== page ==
Jack Jensen leaves behind legacy, memories
April 9, 2010
Filed under Archives
Guilford’s head golf coach, former men’s basketball coach, former track and field coach, and all-around legend Jack Jensen died Sunday, March 28, of a heart attack.Jensen returned from Camp Lejeune with his fourth-ranked men’s golf team earlier in the evening and suffered a fatal heart attack driving home later that night.
Jensen’s service was held on Thursday, April 1, in Ragan-Brown Field House on his own court, Jack Jensen Court, which was named after Jensen during Legacy Weekend in 2009.
Ragan-Brown was packed with well-wishers, current and former Guilford athletes, family, friends, as well as a sense of history. In the 45 years that he coached, 29 with basketball, 32 with golf, Jensen won four national championships, three in golf and one in basketball. But for Jensen, it was never about the championships.
“For Jack it was all about the relationships,” said Sports Information Director and Assistant Director of Athletics Dave Walters. “Jack loved finding kids and helping them succeed at the college level. He wanted them to succeed in life and on the court.”
“Jack loved the relationships with people,” concurred Dave Odom, assistant to Kent Chabotar and Guilford alumnus. “Too often coaches coach for themselves. Jack epitomized the opposite. Jack was a player’s coach.”
This year Jensen helped put five out of the seven members of the golf team on the fall student-athlete honor roll.
“Coach Jensen was more than just a coach,” said senior golfer and team captain Brian Creghan. “I consider him to be one of my best friends. I am lucky to have known Coach for four years and we had some great times together.”
Despite his humble nature, one cannot deny that Jensen won – a lot. His men’s golf teams reached the Division III national championship 15 times in the 16 years that they were eligible. His men’s basketball teams went 207-71 in the first 10 years he coached, with six 20-win seasons.
Jensen not only won championships, but he was also inducted into an array of halls of fame, including the North Carolina, NAIA, and Golf Coaches Association of America halls of fame.
Jensen’s famous 1973 men’s basketball team, led by future NBA players M.L. Carr ’73, Greg Jackson ’74, and World B. Free ’76, won the NAIA title over University of Maryland Eastern Shore. He also brought home an NAIA title in golf in 1989, followed by NCAA golf titles in 2002 and 2005.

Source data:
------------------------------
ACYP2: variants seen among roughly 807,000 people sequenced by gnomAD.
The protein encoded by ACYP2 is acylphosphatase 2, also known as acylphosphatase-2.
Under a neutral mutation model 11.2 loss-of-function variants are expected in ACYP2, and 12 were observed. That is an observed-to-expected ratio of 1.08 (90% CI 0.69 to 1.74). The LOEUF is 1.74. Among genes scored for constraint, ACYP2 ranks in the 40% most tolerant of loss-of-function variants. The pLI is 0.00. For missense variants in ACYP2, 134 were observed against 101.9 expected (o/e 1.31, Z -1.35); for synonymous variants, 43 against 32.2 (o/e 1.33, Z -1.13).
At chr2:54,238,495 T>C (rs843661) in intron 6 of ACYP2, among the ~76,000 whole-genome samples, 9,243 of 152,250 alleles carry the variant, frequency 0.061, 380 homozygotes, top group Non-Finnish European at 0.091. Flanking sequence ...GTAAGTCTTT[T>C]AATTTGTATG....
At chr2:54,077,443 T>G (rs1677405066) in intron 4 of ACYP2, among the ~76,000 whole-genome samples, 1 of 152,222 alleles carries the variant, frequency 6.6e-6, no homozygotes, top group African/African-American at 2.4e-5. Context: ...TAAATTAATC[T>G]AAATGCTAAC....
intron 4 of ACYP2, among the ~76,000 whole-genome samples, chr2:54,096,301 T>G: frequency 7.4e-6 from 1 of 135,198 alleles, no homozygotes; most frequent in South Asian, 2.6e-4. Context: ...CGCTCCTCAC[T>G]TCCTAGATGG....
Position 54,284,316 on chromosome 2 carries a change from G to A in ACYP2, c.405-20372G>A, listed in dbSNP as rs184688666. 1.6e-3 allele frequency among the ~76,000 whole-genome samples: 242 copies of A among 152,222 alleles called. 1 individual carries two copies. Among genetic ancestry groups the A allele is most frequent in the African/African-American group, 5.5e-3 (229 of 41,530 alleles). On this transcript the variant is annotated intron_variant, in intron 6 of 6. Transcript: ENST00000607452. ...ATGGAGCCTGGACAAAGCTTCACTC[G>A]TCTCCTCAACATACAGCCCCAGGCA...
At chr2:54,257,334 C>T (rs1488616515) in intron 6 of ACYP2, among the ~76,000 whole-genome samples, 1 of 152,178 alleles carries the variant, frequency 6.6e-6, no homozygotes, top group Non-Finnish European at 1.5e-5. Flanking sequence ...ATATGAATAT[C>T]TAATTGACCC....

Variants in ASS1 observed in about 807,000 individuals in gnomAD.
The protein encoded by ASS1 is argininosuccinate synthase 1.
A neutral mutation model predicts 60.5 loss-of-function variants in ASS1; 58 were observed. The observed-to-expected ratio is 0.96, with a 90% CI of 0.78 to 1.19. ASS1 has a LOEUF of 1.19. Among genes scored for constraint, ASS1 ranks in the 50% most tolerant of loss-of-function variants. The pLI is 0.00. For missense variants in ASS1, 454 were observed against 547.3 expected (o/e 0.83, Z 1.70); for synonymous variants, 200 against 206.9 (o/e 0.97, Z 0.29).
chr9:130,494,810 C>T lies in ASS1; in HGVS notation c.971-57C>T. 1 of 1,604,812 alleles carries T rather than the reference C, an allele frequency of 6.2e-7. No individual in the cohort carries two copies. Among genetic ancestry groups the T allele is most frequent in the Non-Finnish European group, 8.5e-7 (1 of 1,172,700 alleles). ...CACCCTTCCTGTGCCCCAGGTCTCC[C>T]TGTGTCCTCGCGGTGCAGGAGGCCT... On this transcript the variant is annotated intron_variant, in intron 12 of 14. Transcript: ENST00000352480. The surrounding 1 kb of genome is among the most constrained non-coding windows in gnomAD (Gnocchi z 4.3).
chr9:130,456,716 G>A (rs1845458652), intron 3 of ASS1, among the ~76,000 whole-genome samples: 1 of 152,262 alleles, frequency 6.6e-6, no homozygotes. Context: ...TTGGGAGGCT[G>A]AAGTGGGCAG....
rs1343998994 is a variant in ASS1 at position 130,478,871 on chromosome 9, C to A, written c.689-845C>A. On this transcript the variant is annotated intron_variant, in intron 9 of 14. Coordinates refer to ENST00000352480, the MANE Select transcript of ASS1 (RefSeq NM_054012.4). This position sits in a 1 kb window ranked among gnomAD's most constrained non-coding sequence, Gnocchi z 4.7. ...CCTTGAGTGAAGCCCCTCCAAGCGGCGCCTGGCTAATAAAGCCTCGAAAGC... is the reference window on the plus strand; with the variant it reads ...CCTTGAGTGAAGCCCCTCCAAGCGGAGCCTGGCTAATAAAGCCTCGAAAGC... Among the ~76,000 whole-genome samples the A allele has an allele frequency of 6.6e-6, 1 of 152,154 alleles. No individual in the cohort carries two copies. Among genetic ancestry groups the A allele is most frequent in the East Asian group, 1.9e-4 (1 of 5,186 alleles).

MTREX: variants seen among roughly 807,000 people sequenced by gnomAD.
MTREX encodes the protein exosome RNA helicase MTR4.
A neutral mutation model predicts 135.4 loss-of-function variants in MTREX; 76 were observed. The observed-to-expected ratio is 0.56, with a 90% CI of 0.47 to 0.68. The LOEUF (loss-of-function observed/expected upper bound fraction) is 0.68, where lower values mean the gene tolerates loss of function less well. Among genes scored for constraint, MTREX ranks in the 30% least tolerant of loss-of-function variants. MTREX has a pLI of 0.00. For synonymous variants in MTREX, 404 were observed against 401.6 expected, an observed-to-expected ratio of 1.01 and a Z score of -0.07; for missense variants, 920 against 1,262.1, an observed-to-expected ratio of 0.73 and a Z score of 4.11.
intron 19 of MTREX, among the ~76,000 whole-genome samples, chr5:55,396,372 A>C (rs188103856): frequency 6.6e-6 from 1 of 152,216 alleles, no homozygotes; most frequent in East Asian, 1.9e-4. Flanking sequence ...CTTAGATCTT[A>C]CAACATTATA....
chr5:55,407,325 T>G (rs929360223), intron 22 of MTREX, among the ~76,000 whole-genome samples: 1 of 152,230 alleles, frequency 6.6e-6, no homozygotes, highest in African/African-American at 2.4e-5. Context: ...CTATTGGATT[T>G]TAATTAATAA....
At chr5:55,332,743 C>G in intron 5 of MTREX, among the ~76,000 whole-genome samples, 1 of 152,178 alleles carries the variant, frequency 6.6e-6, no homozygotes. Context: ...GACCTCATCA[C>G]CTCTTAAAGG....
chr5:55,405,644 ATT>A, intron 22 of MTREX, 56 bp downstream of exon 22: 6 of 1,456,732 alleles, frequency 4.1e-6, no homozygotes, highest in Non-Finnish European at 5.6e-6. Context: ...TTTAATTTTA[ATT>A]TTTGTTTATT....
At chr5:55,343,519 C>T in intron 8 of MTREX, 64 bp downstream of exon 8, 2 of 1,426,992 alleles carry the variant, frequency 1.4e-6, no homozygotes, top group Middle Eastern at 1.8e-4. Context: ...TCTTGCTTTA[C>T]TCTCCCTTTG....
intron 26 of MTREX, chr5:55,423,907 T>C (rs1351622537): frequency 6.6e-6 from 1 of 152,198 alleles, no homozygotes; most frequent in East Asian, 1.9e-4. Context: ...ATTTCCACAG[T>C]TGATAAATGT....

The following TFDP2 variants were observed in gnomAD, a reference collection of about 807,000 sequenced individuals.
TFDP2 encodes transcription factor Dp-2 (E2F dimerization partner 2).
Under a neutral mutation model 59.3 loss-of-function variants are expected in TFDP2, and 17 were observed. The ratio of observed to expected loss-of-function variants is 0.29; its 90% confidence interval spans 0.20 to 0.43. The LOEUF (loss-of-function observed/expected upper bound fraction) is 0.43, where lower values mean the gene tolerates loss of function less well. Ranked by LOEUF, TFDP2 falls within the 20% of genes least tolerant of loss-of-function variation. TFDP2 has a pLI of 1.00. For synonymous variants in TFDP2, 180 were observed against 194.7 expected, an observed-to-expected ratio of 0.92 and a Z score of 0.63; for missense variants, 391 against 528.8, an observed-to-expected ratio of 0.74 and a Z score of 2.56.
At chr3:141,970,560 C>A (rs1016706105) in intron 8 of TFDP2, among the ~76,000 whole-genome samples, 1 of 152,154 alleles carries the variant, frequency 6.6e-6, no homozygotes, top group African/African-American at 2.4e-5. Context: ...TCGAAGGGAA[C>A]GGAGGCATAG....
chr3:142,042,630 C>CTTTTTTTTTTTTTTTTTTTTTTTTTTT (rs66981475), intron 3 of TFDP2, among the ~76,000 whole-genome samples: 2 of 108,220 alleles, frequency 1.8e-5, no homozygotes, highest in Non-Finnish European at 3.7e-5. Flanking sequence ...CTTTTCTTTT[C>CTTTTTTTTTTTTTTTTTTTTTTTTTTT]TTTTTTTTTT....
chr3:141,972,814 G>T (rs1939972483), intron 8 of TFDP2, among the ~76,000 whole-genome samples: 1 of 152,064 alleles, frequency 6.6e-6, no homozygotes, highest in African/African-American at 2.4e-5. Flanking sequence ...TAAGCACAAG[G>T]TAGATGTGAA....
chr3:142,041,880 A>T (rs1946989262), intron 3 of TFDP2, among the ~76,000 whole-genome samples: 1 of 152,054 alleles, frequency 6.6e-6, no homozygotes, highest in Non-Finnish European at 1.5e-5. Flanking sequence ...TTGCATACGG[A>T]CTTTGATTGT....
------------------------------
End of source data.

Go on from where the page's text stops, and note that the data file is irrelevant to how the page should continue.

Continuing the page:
“It was a beautiful thing,” said Free about the 1973 basketball title.
Free reminisced on that historic season. After losing their first game, Free said he saw Jensen crying over the loss as his fiercely competitive spirit showed through. Free called his mother, befuddled over his coach’s tears. She told him simply that he couldn’t let the team lose again and that they would have to win it all. Free took that to heart and helped lead that team to the Promised Land.
“Coach was a disciplinarian,” said Free. “Coming from Brooklyn, things were kind of loose, but Coach mentored me and got me on track. He was like a dad and friend. He was just what I needed.”
Jensen leaves behind a legacy unparalleled in Guilford history, not only with his championships and winning, but also with his humility and dedication. Jensen dedicated his life to helping the college as well as the student-athletes he mentored.
So humble was Jensen that he would not allow his wife Marsha to bring a number of trophies and medals with them when they moved. He only took memorabilia from the championships.
“You don’t often see a person working in one place for 45 years and achieve so much success in two fields,” said Walters. “Guilford meant very much to Jack.”
Though his trophies may cement his legacy as a great coach, Jensen will be remembered more for his love of people and his dedication to his craft. He will always be our coach.